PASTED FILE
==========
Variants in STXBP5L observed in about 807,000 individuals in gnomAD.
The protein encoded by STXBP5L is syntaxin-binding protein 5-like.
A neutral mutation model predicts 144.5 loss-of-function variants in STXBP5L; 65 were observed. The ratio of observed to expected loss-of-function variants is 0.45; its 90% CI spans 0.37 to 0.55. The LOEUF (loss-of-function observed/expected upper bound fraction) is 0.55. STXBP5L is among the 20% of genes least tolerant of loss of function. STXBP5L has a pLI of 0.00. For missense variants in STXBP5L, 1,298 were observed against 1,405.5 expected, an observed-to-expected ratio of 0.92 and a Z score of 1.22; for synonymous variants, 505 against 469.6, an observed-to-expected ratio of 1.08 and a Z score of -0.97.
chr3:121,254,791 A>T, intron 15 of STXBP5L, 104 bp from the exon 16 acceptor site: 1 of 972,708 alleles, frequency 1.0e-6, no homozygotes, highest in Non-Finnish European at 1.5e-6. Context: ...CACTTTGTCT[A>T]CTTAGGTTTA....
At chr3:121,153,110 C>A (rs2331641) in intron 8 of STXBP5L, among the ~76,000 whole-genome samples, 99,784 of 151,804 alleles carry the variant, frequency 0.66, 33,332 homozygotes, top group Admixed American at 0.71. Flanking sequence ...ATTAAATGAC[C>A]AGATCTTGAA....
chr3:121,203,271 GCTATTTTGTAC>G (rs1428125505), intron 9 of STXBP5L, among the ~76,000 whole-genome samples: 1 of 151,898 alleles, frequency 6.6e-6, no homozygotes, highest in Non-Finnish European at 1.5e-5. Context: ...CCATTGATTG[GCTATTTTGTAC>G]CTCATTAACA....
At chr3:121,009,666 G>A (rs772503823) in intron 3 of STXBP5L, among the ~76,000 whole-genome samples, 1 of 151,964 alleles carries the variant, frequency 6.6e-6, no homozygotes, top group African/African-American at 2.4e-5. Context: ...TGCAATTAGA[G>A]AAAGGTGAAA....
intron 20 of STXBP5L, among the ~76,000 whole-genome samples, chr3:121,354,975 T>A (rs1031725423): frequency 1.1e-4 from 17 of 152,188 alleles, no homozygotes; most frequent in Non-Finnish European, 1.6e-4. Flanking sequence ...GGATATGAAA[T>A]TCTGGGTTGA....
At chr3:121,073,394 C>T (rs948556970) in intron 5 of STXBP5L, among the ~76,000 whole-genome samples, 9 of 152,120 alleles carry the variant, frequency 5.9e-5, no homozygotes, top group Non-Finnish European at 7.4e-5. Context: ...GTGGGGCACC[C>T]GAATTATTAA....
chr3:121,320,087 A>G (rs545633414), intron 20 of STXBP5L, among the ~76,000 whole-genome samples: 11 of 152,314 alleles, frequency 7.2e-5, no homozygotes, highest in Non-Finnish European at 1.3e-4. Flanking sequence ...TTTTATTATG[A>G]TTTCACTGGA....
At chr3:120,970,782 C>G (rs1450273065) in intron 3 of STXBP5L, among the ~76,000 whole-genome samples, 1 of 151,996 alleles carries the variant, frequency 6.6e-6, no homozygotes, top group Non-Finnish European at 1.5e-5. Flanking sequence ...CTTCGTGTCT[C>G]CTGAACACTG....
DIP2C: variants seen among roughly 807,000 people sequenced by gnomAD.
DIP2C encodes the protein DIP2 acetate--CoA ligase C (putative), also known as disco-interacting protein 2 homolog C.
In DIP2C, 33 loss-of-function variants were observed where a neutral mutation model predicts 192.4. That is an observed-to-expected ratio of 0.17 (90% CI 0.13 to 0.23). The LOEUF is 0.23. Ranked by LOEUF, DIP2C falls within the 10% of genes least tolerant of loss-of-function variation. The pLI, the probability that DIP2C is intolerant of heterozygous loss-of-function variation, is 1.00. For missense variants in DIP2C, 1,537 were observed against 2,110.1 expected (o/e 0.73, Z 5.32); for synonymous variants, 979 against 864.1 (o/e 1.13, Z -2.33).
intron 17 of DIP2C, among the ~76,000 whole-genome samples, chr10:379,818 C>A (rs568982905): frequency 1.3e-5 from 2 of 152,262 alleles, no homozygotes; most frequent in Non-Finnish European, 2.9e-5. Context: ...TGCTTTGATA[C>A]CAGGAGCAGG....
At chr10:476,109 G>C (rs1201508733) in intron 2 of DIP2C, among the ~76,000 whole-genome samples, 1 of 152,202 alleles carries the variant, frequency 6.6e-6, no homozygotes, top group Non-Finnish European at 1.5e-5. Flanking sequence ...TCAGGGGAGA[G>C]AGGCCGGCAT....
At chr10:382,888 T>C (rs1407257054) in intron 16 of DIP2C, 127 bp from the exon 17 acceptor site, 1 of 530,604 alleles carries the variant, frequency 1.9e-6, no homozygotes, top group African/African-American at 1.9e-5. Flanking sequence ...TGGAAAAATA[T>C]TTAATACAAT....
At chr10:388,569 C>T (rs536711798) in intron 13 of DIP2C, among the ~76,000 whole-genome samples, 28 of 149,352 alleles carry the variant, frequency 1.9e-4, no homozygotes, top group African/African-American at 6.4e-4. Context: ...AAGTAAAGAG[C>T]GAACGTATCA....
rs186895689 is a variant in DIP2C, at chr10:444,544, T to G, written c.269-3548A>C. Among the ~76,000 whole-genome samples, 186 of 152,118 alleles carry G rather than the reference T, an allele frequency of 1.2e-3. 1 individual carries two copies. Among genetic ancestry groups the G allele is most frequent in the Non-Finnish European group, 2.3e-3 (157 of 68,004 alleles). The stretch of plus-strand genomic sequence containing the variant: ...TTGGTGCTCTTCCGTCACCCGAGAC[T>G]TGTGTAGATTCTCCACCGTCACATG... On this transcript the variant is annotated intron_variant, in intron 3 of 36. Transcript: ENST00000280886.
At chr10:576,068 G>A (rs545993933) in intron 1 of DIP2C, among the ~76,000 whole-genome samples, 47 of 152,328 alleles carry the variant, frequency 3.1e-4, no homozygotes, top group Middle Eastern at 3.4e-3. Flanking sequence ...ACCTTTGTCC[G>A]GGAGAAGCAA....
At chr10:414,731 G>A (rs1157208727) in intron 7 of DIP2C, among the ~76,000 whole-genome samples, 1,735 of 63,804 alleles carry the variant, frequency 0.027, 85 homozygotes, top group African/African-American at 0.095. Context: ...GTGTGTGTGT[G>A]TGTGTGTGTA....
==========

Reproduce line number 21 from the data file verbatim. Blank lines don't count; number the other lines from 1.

At chr10:414,731 G>A (rs1157208727) in intron 7 of DIP2C, among the ~76,000 whole-genome samples, 1,735 of 63,804 alleles carry the variant, frequency 0.027, 85 homozygotes, top group African/African-American at 0.095. Context: ...GTGTGTGTGT[G>A]TGTGTGTGTA....